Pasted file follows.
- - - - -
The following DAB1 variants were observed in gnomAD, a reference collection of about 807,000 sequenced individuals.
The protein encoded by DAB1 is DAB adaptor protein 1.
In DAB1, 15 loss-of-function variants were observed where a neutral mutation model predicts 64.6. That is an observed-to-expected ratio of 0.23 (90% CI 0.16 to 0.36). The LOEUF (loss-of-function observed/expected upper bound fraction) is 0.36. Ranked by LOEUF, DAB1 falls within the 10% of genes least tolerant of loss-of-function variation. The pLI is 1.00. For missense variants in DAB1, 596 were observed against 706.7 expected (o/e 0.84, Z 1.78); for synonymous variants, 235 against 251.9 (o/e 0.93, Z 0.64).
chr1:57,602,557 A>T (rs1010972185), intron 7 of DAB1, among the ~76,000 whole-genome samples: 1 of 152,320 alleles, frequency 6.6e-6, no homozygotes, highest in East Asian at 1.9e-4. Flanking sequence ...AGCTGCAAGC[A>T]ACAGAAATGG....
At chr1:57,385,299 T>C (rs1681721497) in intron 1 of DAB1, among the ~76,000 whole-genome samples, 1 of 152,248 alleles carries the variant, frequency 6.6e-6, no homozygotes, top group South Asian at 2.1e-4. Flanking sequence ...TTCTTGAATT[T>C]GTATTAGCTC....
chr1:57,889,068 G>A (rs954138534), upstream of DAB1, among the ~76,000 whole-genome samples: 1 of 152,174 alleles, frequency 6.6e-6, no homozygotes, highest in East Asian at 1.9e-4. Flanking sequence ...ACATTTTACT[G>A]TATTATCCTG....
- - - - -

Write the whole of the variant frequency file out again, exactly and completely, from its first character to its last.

The following DAB1 variants were observed in gnomAD, a reference collection of about 807,000 sequenced individuals.
The protein encoded by DAB1 is DAB adaptor protein 1.
In DAB1, 15 loss-of-function variants were observed where a neutral mutation model predicts 64.6. That is an observed-to-expected ratio of 0.23 (90% CI 0.16 to 0.36). The LOEUF (loss-of-function observed/expected upper bound fraction) is 0.36. Ranked by LOEUF, DAB1 falls within the 10% of genes least tolerant of loss-of-function variation. The pLI is 1.00. For missense variants in DAB1, 596 were observed against 706.7 expected (o/e 0.84, Z 1.78); for synonymous variants, 235 against 251.9 (o/e 0.93, Z 0.64).
chr1:57,602,557 A>T (rs1010972185), intron 7 of DAB1, among the ~76,000 whole-genome samples: 1 of 152,320 alleles, frequency 6.6e-6, no homozygotes, highest in East Asian at 1.9e-4. Flanking sequence ...AGCTGCAAGC[A>T]ACAGAAATGG....
At chr1:57,385,299 T>C (rs1681721497) in intron 1 of DAB1, among the ~76,000 whole-genome samples, 1 of 152,248 alleles carries the variant, frequency 6.6e-6, no homozygotes, top group South Asian at 2.1e-4. Flanking sequence ...TTCTTGAATT[T>C]GTATTAGCTC....
chr1:57,889,068 G>A (rs954138534), upstream of DAB1, among the ~76,000 whole-genome samples: 1 of 152,174 alleles, frequency 6.6e-6, no homozygotes, highest in East Asian at 1.9e-4. Flanking sequence ...ACATTTTACT[G>A]TATTATCCTG....